KINGMAN – Traffic will get worse as the city grows rapidly, and millions of dollars will have to be spent before it gets better.
That is the conclusion of Kingman Area Transport Study II.
The report has short- , medium- and long-range solutions and policy choices that will help the Kingman City Council outline priority action.
The time range used is five years for short range, 10 years for midrange and 20 years for a long-range horizon.
One new option is the purchase of land at Fairgrounds Boulevard and Andy Devine Avenue for the Harrison Street fire station.
That would allow realignment of Harrison and Louise streets into an intersection at Andy Devine Avenue, where drivers have to make left turns onto either street.
Estimated cost for the project is $5.9 million to $7.8 million.
The study recommends a variety of transportation construction that would cost $132.5 million over 20 years.
The projected city revenue to pay for the projects is $27 million, leaving a gap of approximately $104 million.
The report by the firm Parsons Brinckerhoff suggests some cost-sharing options.
"Many of the recommended projects will involve more than one jurisdiction and will be supported by planned development.
There will be significant opportunities to share the cost of the plan among various stakeholders," the draft final report states.
The Kingman City Council is working with developers to share costs for the Airway Avenue extension and railroad underpass and the proposed Kingman Crossing interchange on Interstate 40 in east Kingman.
To the west, along Stockton Hill road, The Home Depot and Wal-Mart will build turn lanes and share costs for traffic signals as those stores are built.
In north Kingman, the widening of North Bank Street from Airway Avenue to Gordon Drive, which is planned for the current fiscal year, will be funded mostly with federal and state highway money funneled through the Western Arizona Council of Governments.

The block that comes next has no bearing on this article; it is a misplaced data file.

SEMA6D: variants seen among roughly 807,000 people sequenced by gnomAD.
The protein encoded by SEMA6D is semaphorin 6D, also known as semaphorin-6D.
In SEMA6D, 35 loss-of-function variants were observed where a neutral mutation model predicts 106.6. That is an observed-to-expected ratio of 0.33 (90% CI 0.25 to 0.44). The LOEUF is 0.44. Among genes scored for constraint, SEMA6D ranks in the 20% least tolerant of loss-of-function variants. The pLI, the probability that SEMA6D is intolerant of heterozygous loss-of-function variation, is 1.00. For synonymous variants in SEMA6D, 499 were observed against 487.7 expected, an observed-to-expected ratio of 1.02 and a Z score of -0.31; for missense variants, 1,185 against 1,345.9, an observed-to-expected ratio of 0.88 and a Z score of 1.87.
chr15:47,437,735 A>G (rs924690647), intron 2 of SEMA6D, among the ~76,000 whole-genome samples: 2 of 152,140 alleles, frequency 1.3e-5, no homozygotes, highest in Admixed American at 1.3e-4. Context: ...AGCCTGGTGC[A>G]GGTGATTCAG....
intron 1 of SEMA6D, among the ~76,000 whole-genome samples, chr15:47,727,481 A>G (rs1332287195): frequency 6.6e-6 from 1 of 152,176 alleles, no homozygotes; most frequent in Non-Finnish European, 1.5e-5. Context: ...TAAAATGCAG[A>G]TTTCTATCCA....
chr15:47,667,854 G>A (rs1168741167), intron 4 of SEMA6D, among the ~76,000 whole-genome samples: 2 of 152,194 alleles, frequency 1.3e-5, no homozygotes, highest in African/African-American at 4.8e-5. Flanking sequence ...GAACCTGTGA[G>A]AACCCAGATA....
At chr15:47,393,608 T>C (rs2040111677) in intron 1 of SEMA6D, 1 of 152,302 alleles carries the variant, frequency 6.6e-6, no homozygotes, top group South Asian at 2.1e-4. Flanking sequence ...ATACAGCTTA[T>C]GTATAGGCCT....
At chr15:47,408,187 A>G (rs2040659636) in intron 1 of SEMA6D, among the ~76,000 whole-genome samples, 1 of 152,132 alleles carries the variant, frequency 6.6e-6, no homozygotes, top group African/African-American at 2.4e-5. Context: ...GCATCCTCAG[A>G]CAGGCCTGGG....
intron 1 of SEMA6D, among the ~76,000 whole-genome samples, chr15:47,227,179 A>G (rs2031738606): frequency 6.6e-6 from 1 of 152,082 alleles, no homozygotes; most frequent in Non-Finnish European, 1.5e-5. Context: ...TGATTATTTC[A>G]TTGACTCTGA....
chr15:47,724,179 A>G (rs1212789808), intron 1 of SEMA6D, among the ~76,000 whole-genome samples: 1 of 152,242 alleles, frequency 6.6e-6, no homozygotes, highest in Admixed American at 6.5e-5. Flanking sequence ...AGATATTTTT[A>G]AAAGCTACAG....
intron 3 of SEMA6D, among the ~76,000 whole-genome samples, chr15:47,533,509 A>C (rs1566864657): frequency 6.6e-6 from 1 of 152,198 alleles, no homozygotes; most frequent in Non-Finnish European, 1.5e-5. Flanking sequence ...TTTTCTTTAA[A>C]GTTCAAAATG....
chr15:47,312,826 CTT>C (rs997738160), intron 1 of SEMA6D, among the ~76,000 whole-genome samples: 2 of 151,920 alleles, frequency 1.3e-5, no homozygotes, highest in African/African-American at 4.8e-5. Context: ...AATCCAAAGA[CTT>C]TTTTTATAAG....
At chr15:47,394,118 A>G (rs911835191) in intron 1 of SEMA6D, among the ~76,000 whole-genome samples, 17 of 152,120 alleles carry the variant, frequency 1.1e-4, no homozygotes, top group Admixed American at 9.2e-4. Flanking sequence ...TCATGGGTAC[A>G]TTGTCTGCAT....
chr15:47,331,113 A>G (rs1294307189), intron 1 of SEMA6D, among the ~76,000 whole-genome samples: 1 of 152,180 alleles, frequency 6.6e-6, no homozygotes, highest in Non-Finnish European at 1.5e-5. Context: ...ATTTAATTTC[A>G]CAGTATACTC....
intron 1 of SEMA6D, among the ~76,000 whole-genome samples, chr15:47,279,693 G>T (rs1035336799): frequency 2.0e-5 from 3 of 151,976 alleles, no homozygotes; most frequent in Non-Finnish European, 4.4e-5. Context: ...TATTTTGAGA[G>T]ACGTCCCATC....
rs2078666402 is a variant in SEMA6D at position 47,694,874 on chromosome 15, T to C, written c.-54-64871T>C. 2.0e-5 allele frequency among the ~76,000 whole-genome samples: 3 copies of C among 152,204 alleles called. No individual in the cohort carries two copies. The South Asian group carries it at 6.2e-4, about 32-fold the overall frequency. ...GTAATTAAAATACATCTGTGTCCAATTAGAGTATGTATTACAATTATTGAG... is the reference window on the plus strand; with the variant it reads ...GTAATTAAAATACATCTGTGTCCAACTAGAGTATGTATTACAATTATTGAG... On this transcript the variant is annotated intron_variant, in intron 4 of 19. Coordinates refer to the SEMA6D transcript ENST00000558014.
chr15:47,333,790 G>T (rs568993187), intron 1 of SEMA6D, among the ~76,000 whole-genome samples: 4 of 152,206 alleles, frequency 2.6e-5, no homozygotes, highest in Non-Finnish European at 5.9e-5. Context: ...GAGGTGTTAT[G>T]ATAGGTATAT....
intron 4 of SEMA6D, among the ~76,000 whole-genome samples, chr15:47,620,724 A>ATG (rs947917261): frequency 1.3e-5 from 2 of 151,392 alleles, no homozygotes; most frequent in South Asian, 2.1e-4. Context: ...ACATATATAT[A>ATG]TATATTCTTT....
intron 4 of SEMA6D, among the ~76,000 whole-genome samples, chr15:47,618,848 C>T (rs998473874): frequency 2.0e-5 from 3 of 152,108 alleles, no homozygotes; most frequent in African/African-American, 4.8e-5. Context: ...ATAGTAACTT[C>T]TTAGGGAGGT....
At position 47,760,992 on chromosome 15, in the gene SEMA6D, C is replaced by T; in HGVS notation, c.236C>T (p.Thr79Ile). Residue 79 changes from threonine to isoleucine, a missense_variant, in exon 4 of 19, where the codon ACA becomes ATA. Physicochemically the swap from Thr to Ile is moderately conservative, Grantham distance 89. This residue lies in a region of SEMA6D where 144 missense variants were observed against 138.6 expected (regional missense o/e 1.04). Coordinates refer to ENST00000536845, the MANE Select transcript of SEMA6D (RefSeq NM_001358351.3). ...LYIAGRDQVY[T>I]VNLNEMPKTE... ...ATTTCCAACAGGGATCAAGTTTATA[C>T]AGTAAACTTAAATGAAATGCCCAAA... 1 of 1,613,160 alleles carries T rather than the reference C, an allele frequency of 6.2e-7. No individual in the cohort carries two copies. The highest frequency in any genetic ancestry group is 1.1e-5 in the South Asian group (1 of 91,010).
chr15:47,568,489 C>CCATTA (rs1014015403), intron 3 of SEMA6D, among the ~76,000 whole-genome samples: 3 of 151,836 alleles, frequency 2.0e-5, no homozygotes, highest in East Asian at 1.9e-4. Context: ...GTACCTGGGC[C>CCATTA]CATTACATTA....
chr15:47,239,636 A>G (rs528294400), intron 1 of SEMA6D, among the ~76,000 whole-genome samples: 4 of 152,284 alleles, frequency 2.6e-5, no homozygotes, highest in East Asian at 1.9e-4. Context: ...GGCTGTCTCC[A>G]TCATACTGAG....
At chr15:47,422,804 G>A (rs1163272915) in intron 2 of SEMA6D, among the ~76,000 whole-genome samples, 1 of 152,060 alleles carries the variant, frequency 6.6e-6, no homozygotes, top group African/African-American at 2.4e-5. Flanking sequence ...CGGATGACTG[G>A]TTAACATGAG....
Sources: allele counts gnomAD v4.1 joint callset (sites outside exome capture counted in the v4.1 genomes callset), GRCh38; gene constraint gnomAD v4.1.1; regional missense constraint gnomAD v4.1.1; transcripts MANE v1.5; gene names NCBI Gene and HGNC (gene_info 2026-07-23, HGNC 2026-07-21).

Still, outside revenue, developer fees and tax revenue will not fully fund total infrastructure needs during the next 20 years.
Kingman voters approved a secondary bond tax to build Airway Avenue.
The same voters defeated a proposed primary property tax for long-range street projects in a March 1994 election.
The city does not have the legal bonding capacity to finance all the projects in the Parsons Brinckerhoff study.
It confirms what residents have long known about Stockton Hill Road – it is the most crowded corridor in Kingman.
The major solutions include widening the road from four to six lanes from Andy Devine Avenue to Jagerson Avenue, a distance of about four and a half miles.
The cost would be approximately $15 million.
City revenue now includes $1.36 million per year for building roads.
Improving the I-40 interchange at Stockton Hill Road would cost $14 million and is an Arizona Department of Transportation project.
Some local funding would be required and the project must compete with other projects on the state's priority list.
It is not yet in the ADOT five-year plan.
The Kingman city staff, mayor and City Council are currently reviewing a draft final report of the transportation study.
A public meeting has been scheduled for 4:30 p.m.
to 6 p.m.
Thursday in the meeting room at the Kingman Police Department to review the study recommendations.
Call Dennis Roberts at 753-8132 for more information.